2. Find a facilitator

You also need someone who can explain the process (especially in case most of the participants don’t have an computer science background) and facilitate the hackathon. Ideally this person also provides instructions on how to brainstorm and helps with the team-formation process.

(If finding a facilitator is an issue, Organizing4Innovation gladly assists and provides you a facilitator)

Plan your no-code hackathon

To give you an example, below is the agenda we used for the no-code hackathon described above.

Day 1 (9 am-5 pm)

  • Introductory session to set expectations
  • Q&A with panel of experts on scientific aspects of childhood obesity
  • Q&A with panel of experts on clinical aspects of childhood obesity
  • Background lecture on innovation and brainstorming
  • Video on the process of innovation (IDEO documentary) (Nightline, 1999)
  • 15 minutes of individual brainstorming
  • 15 minutes to select and elaborate on top 3-5 ideas from individually brainstormed list
  • Grouping of participants’ top 3-5 ideas on the classroom wall based on topic (e.g., nutrition, exercise, etc.)
  • Voting on favorite ideas (maximum of 4 voting stickers per person)
  • Self-formation of teams based on interest in ideas

Goal for end of Day 1: Have a team and a functional description of the app

Day 2 (8 am-5 pm)

  • Three 30 minute background lectures on rapid prototyping, mobile app development, and user-centered design
  • Rapid prototyping of the concept

Goal for end of Day 2: Finalize the app prototype that demonstrates the functionality of the app (e.g., the various screens/working principles of the app)

Day 3 (8 am-12 pm)

  • Rehearsal of app pitch in anticipation of judging
  • App pitch to panel of judges, using the following decision criteria:
    • Innovation / Ambition
    • App’s Potential Impact
    • User Interface / User Experience
    • Overall Quality / Team performance
    • Quality of Pitch

Goal for end of Hackathon: Chose winning teams

Especially the planning of day one requires some work. Having a sponsor, that has a vested interested in the theme and is willing to help you find panel members are a must to make this day successful.

From an organizational perspective, day two is the easiest one. It is the day that the teams do the work. It does help if all the teams work in the same common area and it is a great idea to have the panel members of the first day drop by to give input and feedback on the ideas the teams are working on. In my experience, your employees will all love to stop by, given the high-energy of the teams and the can-do atmosphere in the room.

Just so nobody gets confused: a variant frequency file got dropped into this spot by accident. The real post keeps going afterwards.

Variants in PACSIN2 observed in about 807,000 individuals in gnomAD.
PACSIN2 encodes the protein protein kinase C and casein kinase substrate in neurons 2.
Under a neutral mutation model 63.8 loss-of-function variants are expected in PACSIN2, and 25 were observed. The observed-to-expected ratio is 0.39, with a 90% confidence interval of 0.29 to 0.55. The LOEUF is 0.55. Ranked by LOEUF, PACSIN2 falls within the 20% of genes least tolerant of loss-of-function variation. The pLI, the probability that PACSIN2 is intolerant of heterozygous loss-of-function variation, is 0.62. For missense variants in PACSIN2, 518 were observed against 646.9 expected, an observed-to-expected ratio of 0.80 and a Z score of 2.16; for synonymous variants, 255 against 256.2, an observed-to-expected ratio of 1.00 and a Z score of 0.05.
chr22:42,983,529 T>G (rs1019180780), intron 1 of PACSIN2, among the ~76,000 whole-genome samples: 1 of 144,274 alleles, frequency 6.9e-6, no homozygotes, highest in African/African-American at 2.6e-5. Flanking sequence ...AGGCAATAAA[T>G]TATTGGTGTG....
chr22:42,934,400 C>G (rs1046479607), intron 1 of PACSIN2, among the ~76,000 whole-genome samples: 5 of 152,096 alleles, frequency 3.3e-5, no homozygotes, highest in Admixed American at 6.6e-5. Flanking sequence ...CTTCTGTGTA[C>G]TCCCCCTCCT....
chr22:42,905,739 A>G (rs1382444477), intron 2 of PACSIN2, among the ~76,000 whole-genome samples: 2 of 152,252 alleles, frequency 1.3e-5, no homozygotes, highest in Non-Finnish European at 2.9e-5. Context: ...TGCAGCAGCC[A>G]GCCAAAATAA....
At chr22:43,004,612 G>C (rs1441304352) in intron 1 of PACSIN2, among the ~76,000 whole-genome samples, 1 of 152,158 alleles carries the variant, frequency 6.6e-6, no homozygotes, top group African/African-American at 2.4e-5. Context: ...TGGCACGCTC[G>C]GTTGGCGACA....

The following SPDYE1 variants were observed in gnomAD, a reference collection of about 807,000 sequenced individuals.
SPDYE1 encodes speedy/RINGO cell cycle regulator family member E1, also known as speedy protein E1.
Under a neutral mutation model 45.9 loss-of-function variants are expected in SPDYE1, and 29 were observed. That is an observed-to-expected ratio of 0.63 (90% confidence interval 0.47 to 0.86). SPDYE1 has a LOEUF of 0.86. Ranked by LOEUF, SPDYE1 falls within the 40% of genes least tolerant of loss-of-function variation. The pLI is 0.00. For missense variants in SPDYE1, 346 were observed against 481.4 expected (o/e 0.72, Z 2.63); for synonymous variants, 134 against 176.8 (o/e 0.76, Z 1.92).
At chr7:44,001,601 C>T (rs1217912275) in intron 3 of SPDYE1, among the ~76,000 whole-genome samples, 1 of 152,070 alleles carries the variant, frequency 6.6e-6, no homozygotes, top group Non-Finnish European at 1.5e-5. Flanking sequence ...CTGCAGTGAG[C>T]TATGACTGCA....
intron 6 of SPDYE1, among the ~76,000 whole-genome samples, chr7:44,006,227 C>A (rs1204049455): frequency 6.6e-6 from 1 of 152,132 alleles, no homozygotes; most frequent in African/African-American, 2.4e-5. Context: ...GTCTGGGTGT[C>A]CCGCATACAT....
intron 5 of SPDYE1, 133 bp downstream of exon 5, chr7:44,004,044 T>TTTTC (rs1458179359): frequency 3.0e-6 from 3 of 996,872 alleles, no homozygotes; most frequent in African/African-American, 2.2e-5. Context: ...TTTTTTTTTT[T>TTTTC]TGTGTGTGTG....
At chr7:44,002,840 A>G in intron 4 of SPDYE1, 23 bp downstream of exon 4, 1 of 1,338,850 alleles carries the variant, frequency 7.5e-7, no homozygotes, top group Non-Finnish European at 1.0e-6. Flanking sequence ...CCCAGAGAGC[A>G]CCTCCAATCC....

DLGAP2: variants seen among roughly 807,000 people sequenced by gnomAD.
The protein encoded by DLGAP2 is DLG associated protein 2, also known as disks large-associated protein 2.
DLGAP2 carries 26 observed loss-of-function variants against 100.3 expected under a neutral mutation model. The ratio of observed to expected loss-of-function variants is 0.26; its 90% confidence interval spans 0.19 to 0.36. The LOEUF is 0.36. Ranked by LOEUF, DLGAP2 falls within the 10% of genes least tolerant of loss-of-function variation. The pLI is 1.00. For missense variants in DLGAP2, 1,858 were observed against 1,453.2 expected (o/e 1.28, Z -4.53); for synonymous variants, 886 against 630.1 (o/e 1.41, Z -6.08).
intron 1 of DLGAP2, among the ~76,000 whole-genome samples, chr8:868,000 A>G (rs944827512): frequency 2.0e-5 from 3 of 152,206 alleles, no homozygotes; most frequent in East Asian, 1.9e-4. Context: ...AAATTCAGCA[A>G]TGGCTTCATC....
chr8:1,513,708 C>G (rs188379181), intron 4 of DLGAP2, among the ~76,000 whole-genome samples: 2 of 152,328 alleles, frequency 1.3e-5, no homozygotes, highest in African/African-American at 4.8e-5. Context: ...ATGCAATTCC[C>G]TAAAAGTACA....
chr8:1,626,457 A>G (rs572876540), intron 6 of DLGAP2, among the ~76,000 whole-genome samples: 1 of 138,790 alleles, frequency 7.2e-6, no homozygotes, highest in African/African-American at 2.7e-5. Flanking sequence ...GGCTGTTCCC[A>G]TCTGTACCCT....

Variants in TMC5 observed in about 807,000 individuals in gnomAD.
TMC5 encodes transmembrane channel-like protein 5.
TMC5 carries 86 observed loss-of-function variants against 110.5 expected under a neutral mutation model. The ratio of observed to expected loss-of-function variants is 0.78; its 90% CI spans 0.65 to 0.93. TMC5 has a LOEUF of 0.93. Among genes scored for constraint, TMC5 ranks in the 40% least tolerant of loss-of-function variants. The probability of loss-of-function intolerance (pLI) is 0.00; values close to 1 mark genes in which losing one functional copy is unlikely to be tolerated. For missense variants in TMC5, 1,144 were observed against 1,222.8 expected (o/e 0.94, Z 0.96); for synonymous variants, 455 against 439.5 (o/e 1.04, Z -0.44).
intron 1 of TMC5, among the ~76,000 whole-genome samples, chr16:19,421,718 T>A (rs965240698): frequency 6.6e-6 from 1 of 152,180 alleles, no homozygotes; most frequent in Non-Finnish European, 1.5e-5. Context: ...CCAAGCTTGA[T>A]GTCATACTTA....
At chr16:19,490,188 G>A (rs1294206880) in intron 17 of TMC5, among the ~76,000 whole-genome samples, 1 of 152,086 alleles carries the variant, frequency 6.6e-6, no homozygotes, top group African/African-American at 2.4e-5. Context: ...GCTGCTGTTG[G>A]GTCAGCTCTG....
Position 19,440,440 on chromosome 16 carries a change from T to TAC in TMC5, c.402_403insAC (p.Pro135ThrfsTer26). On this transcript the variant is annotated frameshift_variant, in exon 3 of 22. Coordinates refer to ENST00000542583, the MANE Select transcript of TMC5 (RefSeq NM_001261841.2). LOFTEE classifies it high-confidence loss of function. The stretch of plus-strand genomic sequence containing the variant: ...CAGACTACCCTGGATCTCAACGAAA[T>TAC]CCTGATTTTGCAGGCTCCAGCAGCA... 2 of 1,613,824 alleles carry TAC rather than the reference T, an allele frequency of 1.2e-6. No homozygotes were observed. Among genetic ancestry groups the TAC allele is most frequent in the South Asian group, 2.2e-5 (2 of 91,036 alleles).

Day three is the final day of presentations. By giving detailed input and feedback on their presentations, this day is a worthwhile experience for the participants, regardless of the outcome of their solution.

What to do with the winners?

For an internal no-code hackathon that is meant as a learning experience, I would not attach any prizes to the winning teams, except for a badge of honor.

The quality of the solutions provided can vary widely. Often, a hackathon results in unique out-of-the-box solutions, but that may not be the case. So don’t make any promises about what is next until you have actually seen the presentations.

We followed up with the teams a week after the hackathon was over, to ask the teams about their experience and future plans. Would they like to continue with their ideas? Such a debrief is the ideal moment to discuss next steps with teams that have a promising solution. Would they like to stay engaged with the further development, or is it fine with them if the organization develops it further? Or, as we had with one team, would the team like to continue independently – and if so, how can the organization support them?

In sum, keep it simple

Keep it simple. That being said, you must put in place an appropriate intellectual property agreement with the participants beforehand, if that is not part of your onboarding process for interns.

Now, go out there and help your interns make impact and change the world for your clients, organization, and profession!

 

 

 

P.S. If you need help or a facilitator for your no-code hackathon, please contact us. We gladly assist you with creating an innovation fest that is a worthwhile experience for your summer interns and your organization.